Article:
Remember that: 1) InMails have a higher response rate than email because the trust people have in Linkedin.  Add that to the reality that you have a finite number of InMails to use each month.  To take every advantage of InMail and Linkedin, dig into Jason Alba’s blog and book all about Linkedin or take a Shally Steckerl webinar on Linkedin.


You have tips on InMailing?  Let’s hear them!  With a little effort, you can avoid prospects laughing at or, worse, ignoring your InMail.

FOT Background Check

William Tincup
William is the President of RecruitingDaily. At the intersection of HR and technology, he’s a writer, speaker, advisor, consultant, investor, storyteller & teacher. He’s written over 200 HR articles, spoken at over 150 HR & recruiting conferences and he’s conducted over 1000 HR podcasts. William prides himself on being easy to find on The Internet, Google him and connect with him via Twitter, Facebook, Instagram and LinkedIn. Not up to speed in the social media game? Reach out via email. William serves on the Board of Advisors for Talentegy, Wellocity, GlitchPath, Talent Ninja, Universum Americas, Engagedly, Echovate, VibeCatch, Continu, Hyphen, Bevy, Happie, RolePoint, Causecast, Work4Labs, Talent Tech Labs, and SmartRecruiters. He was previously an advisor to PeopleMatter (sold to Snagajob Q2 2016), Good.Co (sold to StepStone Q1 2016), Smarterer (sold to Pluralsight Q4 2014) and a board member of Chequed (merged to create OutMatch Q3 2015). William is a graduate of the University of Alabama of Birmingham with a BA in Art History. He also earned an MA in American Indian Studies from the University of Arizona and an MBA from Case Western Reserve University.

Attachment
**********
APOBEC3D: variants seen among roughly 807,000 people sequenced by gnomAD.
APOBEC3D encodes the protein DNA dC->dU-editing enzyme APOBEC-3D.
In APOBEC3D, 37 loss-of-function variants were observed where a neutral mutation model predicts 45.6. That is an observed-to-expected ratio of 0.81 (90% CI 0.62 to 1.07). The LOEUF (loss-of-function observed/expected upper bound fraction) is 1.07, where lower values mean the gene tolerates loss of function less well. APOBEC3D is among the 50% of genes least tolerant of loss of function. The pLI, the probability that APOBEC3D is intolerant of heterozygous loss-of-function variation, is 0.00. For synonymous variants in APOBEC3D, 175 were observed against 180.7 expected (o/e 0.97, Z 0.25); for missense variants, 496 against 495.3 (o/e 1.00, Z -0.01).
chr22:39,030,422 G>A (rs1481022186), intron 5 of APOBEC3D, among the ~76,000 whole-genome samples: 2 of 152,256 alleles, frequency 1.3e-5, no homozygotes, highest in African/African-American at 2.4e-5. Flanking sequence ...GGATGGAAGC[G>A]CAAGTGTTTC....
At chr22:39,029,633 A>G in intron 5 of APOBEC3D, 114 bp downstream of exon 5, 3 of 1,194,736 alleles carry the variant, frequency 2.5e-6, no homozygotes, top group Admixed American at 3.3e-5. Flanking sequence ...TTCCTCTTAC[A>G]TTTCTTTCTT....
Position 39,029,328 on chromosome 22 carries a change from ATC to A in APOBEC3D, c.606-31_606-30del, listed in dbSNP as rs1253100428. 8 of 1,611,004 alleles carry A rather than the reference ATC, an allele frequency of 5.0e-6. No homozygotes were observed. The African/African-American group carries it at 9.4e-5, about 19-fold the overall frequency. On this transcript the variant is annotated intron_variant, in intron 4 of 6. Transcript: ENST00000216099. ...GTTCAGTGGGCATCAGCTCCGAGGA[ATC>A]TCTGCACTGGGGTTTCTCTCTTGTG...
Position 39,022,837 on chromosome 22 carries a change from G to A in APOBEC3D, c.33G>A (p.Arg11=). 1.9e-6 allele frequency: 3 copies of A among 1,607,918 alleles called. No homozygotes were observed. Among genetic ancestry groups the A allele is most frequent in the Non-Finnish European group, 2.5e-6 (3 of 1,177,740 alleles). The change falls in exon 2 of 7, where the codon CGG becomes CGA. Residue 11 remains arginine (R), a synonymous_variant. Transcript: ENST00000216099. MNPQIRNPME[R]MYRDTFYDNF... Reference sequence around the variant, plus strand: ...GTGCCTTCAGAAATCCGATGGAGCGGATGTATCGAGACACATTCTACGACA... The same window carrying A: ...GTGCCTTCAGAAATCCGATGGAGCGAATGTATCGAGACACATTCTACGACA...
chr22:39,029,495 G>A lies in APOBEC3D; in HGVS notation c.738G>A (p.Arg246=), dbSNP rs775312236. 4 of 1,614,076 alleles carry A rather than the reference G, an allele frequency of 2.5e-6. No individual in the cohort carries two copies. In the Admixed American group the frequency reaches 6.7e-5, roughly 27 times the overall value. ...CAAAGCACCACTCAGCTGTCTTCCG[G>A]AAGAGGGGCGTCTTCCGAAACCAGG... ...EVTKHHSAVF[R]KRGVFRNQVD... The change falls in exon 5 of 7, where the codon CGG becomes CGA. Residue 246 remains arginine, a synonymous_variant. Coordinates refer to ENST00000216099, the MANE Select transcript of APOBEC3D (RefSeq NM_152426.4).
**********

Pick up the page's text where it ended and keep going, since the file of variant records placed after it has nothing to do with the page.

1. This does fall under “know your audience” but I thought it deserved to be spelled out. If I was a passive candidate receiving an Inmail from a recruiter I would expect that recruiter to have read my profile. It happens to be fully filled out and should have enabled them to already conduct the discussion with the hiring manager. Yes, I might not be interested and it’s a greater time commitment on the recruiter’s part, but if all that information is already there and I send in a resume and you have no positions that apply to me, then I’m really going to wonder why I was contacted in the first place and my opinion of the individual and company will decrease.

  2. William says:

    Beth – Thanks for highlighting a major “D’oh!” factor. Reading a profile, I could discover that said person would not likely be a fit, BUT they could be a likely referral source AND the InMail should reflect that accordingly. LinkedIn is a network based on (varying) degrees of familiarity. My not reading your profile undercuts that and marginalizes my message.

  3. Nice story around Linkedin Inmail. Its more or less’Spamming’. Should’n linkedin punish such spammers?
    Gireesh Sharma
    Bloger @ Talent Junction

  4. Yes, an Inmail asking me for recommendations for specific or general job types would be welcome even if I’m not the target/don’t fit the needs. I’ve actually received a couple of those.

  5. Gireesh,